Paul Donovan’s retirement as president of Montreal’s Loyola High School ends his 39-year association with the historic Catholic institution, which included a major religious freedom victory in the Supreme Court. Peter Stockland reports.
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When young Kevin Donovan left Montreal’s Loyola High School 67 summers ago, he could hardly foresee having a son who would one day lead the school to a landmark legal victory for religious freedom.
Yet his graduation picture in Loyola’s Class of 1953 photo encapsulates the sense of familial history palpable in the storied Jesuit institution’s hallways and makes resonant the son’s adieu as president as July began.
“I know in October I’m going to be asking myself, ‘Oh my God, what have I done,’” Paul Donovan joked shortly after announcing his leave-taking from Loyola. “Going into Loyola and working with all these wonderful people has been life-giving.”
Paul Donovan, the recently retired president of Montreal’s Loyola High School, stands by the graduating class photo that contains his father Kevin, who was also a student at the storied Jesuit high school.
The giving has gone both ways. At 55, Donovan has brought to a close an engagement with Loyola that goes back 39 years. And that’s just on his own count. It doesn’t count the time when his father was part of the school’s 124-year-existence — or that his brother Sean continues to teach there, and one of his nephews is still a student.
It doesn’t include the time his brothers or, of course, his father, were part of the school’s student body.
“I spent five years as a student, six years as a volunteer coach, 28 years as a teacher and principal, and then the last five as president. Pretty much been here my whole life,” he says.
The highest public profile moment came in March 2015 when the Supreme Court of Canada ruled that the Quebec government had violated the freedoms of students at the school. By obliging Loyola — established in 1896 by the Jesuits — to accept a secular ethics and religion-as-sociology curriculum without any provision for its Catholic nature, the government failed in its duty to “foster religious diversity, not extinguish it,” as Madame Justice Rosalie Abella phrased it.
The decision ended a lengthy legal fight that saw Loyola initially win, some thought surprisingly, at the Superior Court level. It then lost in the Quebec Court of Appeal. But with the Supreme Court’s positive judgment in hand, it was able to compel the province to re-negotiate its approach to the so-called Ethics and Religious Culture program.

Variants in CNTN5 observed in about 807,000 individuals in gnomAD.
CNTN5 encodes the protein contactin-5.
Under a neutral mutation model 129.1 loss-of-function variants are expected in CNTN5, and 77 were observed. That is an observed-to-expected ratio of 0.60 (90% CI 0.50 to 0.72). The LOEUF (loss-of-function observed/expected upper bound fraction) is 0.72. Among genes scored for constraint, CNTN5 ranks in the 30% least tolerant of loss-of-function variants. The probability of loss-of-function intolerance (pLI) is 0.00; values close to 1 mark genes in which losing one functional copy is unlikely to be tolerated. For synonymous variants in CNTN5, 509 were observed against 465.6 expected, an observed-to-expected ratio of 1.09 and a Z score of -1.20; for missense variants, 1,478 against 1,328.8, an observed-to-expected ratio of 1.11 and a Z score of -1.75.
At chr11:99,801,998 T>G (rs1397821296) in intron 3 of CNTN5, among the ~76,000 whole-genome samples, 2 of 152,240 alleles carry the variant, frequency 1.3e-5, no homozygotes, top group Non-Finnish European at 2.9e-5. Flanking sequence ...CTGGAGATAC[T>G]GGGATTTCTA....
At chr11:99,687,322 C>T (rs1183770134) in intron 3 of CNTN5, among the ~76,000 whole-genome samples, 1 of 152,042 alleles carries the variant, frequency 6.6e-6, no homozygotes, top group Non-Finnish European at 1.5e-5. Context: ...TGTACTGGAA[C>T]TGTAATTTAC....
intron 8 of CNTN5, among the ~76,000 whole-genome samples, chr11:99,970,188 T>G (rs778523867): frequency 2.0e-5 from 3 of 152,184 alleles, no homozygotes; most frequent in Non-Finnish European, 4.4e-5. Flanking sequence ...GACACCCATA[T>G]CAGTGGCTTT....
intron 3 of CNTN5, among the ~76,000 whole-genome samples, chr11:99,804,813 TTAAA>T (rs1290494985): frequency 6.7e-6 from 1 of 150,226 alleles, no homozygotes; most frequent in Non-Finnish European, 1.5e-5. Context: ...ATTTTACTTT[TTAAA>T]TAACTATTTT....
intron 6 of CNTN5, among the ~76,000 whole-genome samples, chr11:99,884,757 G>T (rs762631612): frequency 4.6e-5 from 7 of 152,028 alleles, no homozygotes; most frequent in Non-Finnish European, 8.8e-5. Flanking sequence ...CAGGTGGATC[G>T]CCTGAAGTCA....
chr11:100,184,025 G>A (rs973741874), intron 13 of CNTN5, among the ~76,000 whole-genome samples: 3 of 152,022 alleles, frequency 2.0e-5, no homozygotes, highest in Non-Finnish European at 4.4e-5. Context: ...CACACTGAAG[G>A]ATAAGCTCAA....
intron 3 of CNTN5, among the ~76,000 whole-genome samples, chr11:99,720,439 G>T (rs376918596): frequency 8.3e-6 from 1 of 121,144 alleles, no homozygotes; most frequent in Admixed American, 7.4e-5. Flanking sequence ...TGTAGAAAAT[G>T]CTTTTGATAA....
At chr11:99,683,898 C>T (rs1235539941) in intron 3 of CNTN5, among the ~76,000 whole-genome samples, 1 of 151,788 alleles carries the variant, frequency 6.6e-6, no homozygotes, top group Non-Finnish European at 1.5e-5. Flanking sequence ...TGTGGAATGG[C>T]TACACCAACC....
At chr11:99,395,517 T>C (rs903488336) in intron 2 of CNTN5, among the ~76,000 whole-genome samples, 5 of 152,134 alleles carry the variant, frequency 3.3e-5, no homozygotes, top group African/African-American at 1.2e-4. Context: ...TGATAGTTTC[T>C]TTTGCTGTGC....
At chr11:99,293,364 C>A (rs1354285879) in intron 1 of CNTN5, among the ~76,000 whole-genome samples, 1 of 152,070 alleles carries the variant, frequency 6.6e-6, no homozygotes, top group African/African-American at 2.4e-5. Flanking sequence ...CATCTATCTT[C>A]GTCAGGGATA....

Guiding the battle as Loyola’s principal, which involved a good deal of shoring up those uncertain the outcome would be worth the cost, Donovan says the long-term benefit has been widespread recognition how important it is for people of faith to stand their ground.
“I’ve been getting a lot of messages from people who refer to it as a great sign of hope. I’m touched by how many were inspired when we said: ‘We’re not apologizing for our identity and, in fact, that identity is very much needed in our culture and our community.’”
The walls of Loyola are festooned with photographs of the great and the good who’ve passed through its halls: former Canadian governor general Georges Vanier was a graduate, as was his son, L’Arche founder Jean (whose photo was removed following the revelations of sexual abuse). Former federal finance minister Jim Flaherty is prominent as are a number of entertainment stars and the renowned philosopher Bernard Lonergan, who served as a teacher.
Yet if someone were somehow able to make a word cloud of Donovan’s thoughts for a day, the noun “community” would undoubtedly dominate. Anna Farrow, executive director of Montreal’s English Speaking Catholic Council (ESCC), says his dedication to deepening Loyola’s presence as an active Catholic presence in Montreal will endure as his legacy perhaps even more than the Supreme Court win.
She knows. The four Farrow sons went one-by-one through Loyola over the course of a decade while Donovan was principal. He was also president of the ESCC when she was hired as executive director. He has been, she says, a stalwart for Montreal’s often precariously situated English community, especially its uneasy Catholic component.